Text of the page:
When the price falls below the channel breakdown line, it is generally a good idea to clear out the position. If and when the price rebounds, it is better to wait until it forms a channel in line with the previous channel.
In the previous example, say the stock breaks up and then comes back down, this signifies its time to take profit and sell off some stock. If after breakup, it forms a newer and steeper channel, hold until it breaks. In this example, if in the future the stock falls below the breakdown line, it means its time to clear out the position, or at least substantially reduce your holding.
In the system we use breakup and breakdown, as opposed to breakout or breakthrough, for a clear correlation with the channel, either ascending or descending. When the price goes above the channel it is in breakup, and when the price goes below, it is in breakdown.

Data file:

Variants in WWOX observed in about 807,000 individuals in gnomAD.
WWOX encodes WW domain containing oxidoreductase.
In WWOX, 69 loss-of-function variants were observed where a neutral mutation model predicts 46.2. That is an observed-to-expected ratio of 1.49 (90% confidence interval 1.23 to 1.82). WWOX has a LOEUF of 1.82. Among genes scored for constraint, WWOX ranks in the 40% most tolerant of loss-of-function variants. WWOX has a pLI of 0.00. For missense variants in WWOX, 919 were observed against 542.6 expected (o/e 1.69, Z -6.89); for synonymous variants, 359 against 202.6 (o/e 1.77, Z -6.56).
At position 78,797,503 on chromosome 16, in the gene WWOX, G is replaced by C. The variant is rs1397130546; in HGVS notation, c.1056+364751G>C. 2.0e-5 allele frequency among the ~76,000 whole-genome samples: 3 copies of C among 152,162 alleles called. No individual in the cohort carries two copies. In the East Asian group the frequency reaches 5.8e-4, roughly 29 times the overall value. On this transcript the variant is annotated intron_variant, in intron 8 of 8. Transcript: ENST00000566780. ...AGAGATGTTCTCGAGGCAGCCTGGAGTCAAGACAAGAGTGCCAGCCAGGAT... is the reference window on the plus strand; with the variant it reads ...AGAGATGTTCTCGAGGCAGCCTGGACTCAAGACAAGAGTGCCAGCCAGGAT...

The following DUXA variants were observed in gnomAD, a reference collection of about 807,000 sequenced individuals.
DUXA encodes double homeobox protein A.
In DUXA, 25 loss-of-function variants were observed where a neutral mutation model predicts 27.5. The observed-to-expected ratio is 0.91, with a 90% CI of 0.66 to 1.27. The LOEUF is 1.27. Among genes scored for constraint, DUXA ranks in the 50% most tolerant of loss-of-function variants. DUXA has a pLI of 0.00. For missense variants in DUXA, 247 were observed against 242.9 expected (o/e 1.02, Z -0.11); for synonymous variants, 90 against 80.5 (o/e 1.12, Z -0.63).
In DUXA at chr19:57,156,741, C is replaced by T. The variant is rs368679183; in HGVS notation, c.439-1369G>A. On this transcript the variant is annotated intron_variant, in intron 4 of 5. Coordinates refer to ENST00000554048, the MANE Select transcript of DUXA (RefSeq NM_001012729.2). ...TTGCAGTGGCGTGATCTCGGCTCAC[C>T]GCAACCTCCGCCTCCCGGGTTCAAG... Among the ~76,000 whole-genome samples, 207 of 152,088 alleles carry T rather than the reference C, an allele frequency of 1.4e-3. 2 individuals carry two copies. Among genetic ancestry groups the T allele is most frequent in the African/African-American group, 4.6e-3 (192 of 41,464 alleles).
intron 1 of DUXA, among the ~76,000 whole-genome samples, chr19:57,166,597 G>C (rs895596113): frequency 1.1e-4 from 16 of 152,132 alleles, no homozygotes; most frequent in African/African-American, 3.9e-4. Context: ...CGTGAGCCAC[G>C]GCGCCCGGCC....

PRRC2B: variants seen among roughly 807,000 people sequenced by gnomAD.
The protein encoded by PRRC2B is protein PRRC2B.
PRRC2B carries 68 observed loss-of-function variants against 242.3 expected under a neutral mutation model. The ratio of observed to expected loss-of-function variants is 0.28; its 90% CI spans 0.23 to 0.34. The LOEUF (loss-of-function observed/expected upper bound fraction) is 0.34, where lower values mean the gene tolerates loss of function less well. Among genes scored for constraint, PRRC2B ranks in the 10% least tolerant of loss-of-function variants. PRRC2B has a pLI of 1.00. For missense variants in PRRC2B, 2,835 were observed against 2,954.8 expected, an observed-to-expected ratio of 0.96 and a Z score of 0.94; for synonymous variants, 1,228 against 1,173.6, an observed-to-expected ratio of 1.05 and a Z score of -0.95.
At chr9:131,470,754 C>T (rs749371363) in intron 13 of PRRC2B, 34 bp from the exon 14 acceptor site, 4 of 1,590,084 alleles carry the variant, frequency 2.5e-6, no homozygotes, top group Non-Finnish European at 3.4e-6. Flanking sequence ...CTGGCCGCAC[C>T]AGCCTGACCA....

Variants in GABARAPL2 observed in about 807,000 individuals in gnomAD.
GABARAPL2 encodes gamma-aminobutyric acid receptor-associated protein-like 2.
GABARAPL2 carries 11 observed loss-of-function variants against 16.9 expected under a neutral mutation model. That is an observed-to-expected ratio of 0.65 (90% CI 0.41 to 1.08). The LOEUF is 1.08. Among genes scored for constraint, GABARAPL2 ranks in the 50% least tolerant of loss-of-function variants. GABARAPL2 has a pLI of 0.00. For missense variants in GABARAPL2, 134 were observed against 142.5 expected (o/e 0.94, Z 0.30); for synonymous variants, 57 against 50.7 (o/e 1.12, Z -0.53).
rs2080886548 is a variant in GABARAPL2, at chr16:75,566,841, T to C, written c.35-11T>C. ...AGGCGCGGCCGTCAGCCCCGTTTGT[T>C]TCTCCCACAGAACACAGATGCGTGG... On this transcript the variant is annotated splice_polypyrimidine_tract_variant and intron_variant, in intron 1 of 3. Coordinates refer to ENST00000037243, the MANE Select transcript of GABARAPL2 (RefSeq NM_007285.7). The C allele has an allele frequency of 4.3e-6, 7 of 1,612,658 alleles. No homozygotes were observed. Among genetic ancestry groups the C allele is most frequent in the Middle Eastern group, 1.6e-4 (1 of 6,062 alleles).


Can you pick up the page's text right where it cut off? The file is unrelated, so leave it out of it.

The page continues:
Now let’s look at how channel trading can help us develop sound trading discipline.
Channel Trading Principle 1: Do not trade in the wrong direction
- Do not establish positions in the wrong direction. Do not short in an ascending channel; don’t buy and hold in a descending channel.
- Do not flatten or smooth your position: Do not buy more stocks to reduce your average cost when the price goes up and down and is now forming a descending channel.
- Do not engage in bottom fishing: Do not try to guess the bottom of a descending channel, and buy in when the price is still headed down.
- Do not short the top: Do not try to guess the top of an ascending channel, and short when the price is still headed up.
When you try to establish a long position (buying stock) in an ascending channel, even with traditional stop-loss protection, it won’t prevent you from losing everything.